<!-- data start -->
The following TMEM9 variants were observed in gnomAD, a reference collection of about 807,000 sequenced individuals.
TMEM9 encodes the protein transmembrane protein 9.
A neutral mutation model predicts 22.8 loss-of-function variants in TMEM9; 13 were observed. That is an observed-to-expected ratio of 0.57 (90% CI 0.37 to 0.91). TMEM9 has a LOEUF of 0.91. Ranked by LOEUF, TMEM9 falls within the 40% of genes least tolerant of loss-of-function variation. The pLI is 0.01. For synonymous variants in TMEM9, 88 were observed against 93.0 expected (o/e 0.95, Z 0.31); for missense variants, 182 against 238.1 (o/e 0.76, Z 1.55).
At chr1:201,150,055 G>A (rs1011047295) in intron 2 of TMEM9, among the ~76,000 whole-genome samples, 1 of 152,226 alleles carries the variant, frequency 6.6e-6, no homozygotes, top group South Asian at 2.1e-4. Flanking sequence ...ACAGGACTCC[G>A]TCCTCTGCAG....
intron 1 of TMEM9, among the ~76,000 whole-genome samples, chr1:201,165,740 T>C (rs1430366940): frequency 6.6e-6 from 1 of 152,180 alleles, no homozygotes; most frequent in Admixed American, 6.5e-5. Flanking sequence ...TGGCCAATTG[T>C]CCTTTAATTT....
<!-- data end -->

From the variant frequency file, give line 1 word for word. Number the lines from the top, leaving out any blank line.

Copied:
The following TMEM9 variants were observed in gnomAD, a reference collection of about 807,000 sequenced individuals.